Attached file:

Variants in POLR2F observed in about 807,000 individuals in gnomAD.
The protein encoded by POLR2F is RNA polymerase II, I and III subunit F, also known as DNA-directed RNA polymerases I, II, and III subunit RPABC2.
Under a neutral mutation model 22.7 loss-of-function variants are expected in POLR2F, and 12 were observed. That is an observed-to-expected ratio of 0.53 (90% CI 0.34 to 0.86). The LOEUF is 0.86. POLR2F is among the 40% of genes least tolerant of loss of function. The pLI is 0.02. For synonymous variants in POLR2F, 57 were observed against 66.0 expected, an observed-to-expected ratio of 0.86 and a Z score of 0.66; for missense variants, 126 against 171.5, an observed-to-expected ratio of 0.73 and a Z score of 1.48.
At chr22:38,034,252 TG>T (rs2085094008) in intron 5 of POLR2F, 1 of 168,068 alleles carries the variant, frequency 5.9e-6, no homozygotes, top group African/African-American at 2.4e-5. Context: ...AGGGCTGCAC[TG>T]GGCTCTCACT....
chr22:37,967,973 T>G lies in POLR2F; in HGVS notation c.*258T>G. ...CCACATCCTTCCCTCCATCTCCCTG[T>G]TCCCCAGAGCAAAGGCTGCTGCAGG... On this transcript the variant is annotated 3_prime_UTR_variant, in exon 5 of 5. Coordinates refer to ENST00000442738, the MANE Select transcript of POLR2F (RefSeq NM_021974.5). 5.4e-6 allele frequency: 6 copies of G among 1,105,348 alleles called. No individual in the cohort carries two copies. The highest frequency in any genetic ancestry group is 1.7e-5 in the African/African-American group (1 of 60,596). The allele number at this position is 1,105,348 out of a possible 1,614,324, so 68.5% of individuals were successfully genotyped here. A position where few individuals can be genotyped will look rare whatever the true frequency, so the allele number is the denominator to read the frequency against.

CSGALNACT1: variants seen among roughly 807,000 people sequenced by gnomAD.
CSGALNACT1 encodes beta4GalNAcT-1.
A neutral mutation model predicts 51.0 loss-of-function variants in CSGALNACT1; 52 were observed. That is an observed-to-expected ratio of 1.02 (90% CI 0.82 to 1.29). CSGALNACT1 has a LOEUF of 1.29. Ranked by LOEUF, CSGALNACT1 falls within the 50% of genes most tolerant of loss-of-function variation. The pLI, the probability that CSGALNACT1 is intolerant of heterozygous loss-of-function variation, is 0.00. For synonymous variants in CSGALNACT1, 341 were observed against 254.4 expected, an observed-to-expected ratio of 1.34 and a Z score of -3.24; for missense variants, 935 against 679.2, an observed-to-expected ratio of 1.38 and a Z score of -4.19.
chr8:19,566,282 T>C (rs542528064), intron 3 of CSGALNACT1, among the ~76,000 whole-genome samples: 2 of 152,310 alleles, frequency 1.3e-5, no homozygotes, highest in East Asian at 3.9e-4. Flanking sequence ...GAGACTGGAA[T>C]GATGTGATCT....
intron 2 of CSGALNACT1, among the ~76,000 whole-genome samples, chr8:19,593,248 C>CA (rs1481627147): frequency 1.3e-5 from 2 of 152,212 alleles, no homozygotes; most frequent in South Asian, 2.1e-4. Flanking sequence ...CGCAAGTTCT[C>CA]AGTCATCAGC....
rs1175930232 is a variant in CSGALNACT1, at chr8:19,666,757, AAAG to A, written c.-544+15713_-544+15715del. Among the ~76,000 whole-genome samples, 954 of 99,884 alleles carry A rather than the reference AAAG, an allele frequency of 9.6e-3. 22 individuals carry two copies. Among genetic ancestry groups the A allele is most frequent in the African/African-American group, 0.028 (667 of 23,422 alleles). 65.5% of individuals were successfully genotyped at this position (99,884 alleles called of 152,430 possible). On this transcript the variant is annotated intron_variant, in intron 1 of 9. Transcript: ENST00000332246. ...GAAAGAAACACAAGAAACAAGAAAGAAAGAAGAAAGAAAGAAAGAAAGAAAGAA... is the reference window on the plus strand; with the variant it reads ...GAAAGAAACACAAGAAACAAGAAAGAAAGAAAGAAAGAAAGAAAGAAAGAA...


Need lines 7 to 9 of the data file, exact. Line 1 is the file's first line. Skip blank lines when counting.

CSGALNACT1 encodes beta4GalNAcT-1.
A neutral mutation model predicts 51.0 loss-of-function variants in CSGALNACT1; 52 were observed. That is an observed-to-expected ratio of 1.02 (90% CI 0.82 to 1.29). CSGALNACT1 has a LOEUF of 1.29. Ranked by LOEUF, CSGALNACT1 falls within the 50% of genes most tolerant of loss-of-function variation. The pLI, the probability that CSGALNACT1 is intolerant of heterozygous loss-of-function variation, is 0.00. For synonymous variants in CSGALNACT1, 341 were observed against 254.4 expected, an observed-to-expected ratio of 1.34 and a Z score of -3.24; for missense variants, 935 against 679.2, an observed-to-expected ratio of 1.38 and a Z score of -4.19.
chr8:19,566,282 T>C (rs542528064), intron 3 of CSGALNACT1, among the ~76,000 whole-genome samples: 2 of 152,310 alleles, frequency 1.3e-5, no homozygotes, highest in East Asian at 3.9e-4. Flanking sequence ...GAGACTGGAA[T>C]GATGTGATCT....